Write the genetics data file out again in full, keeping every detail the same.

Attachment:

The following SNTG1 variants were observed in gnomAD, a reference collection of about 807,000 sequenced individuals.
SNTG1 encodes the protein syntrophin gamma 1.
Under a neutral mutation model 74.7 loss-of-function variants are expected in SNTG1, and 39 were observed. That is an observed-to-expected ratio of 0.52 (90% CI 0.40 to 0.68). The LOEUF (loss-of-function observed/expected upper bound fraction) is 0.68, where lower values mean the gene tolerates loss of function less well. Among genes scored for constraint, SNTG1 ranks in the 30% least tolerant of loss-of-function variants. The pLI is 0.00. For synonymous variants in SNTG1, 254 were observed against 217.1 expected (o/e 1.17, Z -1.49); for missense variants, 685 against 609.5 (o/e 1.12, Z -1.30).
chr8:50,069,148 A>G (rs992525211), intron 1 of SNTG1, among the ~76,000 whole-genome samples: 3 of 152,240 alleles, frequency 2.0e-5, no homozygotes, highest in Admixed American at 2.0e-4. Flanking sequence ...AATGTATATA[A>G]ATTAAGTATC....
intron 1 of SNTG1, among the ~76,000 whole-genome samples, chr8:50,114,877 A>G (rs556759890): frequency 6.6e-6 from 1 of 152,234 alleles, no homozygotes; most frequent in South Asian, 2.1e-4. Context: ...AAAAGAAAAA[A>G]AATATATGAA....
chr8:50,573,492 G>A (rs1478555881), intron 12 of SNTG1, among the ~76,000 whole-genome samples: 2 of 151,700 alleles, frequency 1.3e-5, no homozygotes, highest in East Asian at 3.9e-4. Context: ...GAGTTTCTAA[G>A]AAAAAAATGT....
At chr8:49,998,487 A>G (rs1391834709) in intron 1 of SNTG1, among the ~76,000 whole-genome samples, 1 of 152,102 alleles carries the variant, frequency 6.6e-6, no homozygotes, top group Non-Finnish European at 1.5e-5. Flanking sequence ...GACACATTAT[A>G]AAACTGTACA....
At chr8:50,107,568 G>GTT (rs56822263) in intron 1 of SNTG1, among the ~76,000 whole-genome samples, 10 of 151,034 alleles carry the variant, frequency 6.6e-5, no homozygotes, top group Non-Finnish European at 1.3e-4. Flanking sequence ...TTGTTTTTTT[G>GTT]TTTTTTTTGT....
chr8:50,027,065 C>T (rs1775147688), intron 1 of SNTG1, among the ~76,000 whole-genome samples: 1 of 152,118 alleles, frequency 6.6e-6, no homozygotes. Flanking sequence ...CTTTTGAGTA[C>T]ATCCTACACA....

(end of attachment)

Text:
The following SNTG1 variants were observed in gnomAD, a reference collection of about 807,000 sequenced individuals.
SNTG1 encodes the protein syntrophin gamma 1.
Under a neutral mutation model 74.7 loss-of-function variants are expected in SNTG1, and 39 were observed. That is an observed-to-expected ratio of 0.52 (90% CI 0.40 to 0.68). The LOEUF (loss-of-function observed/expected upper bound fraction) is 0.68, where lower values mean the gene tolerates loss of function less well. Among genes scored for constraint, SNTG1 ranks in the 30% least tolerant of loss-of-function variants. The pLI is 0.00. For synonymous variants in SNTG1, 254 were observed against 217.1 expected (o/e 1.17, Z -1.49); for missense variants, 685 against 609.5 (o/e 1.12, Z -1.30).
chr8:50,069,148 A>G (rs992525211), intron 1 of SNTG1, among the ~76,000 whole-genome samples: 3 of 152,240 alleles, frequency 2.0e-5, no homozygotes, highest in Admixed American at 2.0e-4. Flanking sequence ...AATGTATATA[A>G]ATTAAGTATC....
intron 1 of SNTG1, among the ~76,000 whole-genome samples, chr8:50,114,877 A>G (rs556759890): frequency 6.6e-6 from 1 of 152,234 alleles, no homozygotes; most frequent in South Asian, 2.1e-4. Context: ...AAAAGAAAAA[A>G]AATATATGAA....
chr8:50,573,492 G>A (rs1478555881), intron 12 of SNTG1, among the ~76,000 whole-genome samples: 2 of 151,700 alleles, frequency 1.3e-5, no homozygotes, highest in East Asian at 3.9e-4. Context: ...GAGTTTCTAA[G>A]AAAAAAATGT....
At chr8:49,998,487 A>G (rs1391834709) in intron 1 of SNTG1, among the ~76,000 whole-genome samples, 1 of 152,102 alleles carries the variant, frequency 6.6e-6, no homozygotes, top group Non-Finnish European at 1.5e-5. Flanking sequence ...GACACATTAT[A>G]AAACTGTACA....
At chr8:50,107,568 G>GTT (rs56822263) in intron 1 of SNTG1, among the ~76,000 whole-genome samples, 10 of 151,034 alleles carry the variant, frequency 6.6e-5, no homozygotes, top group Non-Finnish European at 1.3e-4. Flanking sequence ...TTGTTTTTTT[G>GTT]TTTTTTTTGT....
chr8:50,027,065 C>T (rs1775147688), intron 1 of SNTG1, among the ~76,000 whole-genome samples: 1 of 152,118 alleles, frequency 6.6e-6, no homozygotes. Flanking sequence ...CTTTTGAGTA[C>T]ATCCTACACA....